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Had the bank Credit Suisse known that the loans to the Mozambican security-linked companies Proindicus and Ematum involved bribes or kickbacks, it would never have consented to the loan, former Credit Suisse banker Surjan Singh claimed in a New York court on Wednesday.
This was the second day of Singh’s testimony in the trial of Jean Boustani, a senior sales executive at the Abu Dhabi based group Privinvest.
Boustani is facing charges of conspiracy to commit money laundering, wire fraud and securities fraud, in connection with the loans, totalling over two billion US dollars, to Proindicus, Ematum and a third company, MAM (Mozambique Asset Management).
Singh said he had received 5.7 million US dollars from Boustani as payments for lobbying on behalf of the Mozambique loans.
Asked if Credit Suisse would have approved the “upsizes” in the Proindicus loan (which eventually reached 622 million dollars), if it had known that Boustani was paying kickbacks, Singh, according to the transcript of the day’s proceedings, said “in my experience that is highly, highly unlikely. In my experience it has never, ever happened”.
Secrecy was of the essence – including hiding the fact that Andrew Pearse, who had been Singh’s superior at Credit Suisse, was continuing to work with Boustani on the Mozambique loans, even though he was leaving Credit Suisse.
Pearse, Singh said, wanted his support “in continually raising money for Privinvest” in further Proindicus “upsizes”. Pearse “made it clear that Boustani will look after me. He will pay me money”.
Pearse insisted that he “did not want to be in public view”, because he was concerned that “if he was found to be working for Privinvest and Jean Boustani this would breach his agreement with Credit Suisse “leading to a loss of bonuses or deferred stock he was expecting to receive”.
The Ematum loan, taking the form of a bond issue on the European securities market, was much larger than the Proindicus transaction. It was for 850 million dollars (500 million from Credit Suisse and 350 million from VTB of Russia).
As with Proindicus, so with Ematum: Singh thought it “highly, highly unlikely” that Credit Suisse would have approved the deal had it known about the kickbacks. He admitted that he had violated the bank’s anti-bribery compliance manual “because I had been promised kickbacks and I agreed to receive them”.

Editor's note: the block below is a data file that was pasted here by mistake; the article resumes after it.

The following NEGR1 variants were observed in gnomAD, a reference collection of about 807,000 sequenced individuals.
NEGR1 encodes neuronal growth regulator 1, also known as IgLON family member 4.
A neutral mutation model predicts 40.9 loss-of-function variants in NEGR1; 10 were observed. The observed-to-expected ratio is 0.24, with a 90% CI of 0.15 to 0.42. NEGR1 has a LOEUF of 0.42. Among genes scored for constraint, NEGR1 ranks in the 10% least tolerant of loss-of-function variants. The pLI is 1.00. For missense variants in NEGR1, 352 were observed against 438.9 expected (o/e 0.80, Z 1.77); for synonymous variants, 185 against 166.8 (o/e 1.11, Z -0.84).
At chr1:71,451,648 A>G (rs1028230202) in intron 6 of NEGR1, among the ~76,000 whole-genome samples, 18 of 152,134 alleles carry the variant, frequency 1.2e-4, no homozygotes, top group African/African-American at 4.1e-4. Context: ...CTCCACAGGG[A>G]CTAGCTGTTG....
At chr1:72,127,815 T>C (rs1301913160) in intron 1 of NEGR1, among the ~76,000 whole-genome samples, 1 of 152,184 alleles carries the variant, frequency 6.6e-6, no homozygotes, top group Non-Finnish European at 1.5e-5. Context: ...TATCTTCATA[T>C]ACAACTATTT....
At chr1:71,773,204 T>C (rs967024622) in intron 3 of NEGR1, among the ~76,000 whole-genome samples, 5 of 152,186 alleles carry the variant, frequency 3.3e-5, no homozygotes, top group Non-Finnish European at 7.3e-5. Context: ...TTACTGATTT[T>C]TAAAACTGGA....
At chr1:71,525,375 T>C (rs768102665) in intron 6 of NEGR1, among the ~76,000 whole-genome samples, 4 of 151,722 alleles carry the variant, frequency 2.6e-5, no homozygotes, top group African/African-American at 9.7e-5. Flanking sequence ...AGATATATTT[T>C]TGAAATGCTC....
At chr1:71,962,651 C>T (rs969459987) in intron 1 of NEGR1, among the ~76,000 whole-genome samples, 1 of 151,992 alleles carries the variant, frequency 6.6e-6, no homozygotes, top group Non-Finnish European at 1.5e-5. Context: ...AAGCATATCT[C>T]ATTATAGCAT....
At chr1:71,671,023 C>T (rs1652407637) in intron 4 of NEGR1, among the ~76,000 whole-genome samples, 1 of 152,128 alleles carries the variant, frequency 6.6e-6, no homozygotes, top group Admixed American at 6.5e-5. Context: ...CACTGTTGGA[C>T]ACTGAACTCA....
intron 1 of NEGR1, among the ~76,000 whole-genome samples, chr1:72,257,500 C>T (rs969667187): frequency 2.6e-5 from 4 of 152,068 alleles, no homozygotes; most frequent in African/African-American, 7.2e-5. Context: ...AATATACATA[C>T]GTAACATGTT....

The kickbacks were paid to an account opened in Singh’s name at the Abu Dhabi Commercial Bank: to this end, Boustani provided Singh with an Abu Dhabi address and a fake Privinvest job, although he had never lived at that address or worked in Abu Dhabi.
The kickbacks, he said, were to be paid in instalments “rather than one lump sum. The reason for instalments is that they do not attract too much attention. They go under the radar”.
Boustani had promised Singh five million dollars, but the Abu Dhabi account eventually received 5.7 million. Singh assumed the extra 700,000 dollars was a mistake on the part of Boustani and Privinvest. He did not tell them about the overpayment because “I guess I was greedy at the time”.
Singh said that eventually he fell out with Pearse and Boustani. In 2015, Pearse wanted Singh to sign a document, supposedly demanded by a German investor, that the Mozambican government’s guarantee for the Proindicus loan also covered an advisory fee that Proindicus was supposed to pay to the company Palomar Capital Advisors, run by Boustani.
Singh refused, and Pearse told him that “Mr Boustani is extremely unhappy that I did not sign this document. He believes that I should be supporting his transactions continuously, given that he has paid me money”.
Pearse told him “Mr Boustani feels that once you have taken his money, you are his partner for life”.
Via Pearse, Boustani then demanded that Singh repay the 5.7 million dollar kickbacks, but Singh refused. Boustani threatened that, if Singh did not repay the money, he would inform Credit Suisse of the kickbacks.
Singh called Boustani’s bluff, and said his threat was “not credible”, since it would implicate Boustani and Pearse as much as Singh.
Pearse then “advised me to be careful and think through what I am doing. Mr Pearse told me, be careful, these are not good people”
Singh regarded this as a threat to his personal safety and, via Pearse again, he asked Boustani “to allow me to leave Credit Suisse, and once I had left Credit Suisse, I would sort something out with Mr Boustani”.
Apparently, he never did and the ultimate fate of the 5.7 million dollars was to be handed over to the US government under the plea bargaining agreement that Singh reached with the prosecutors.Source: AIM
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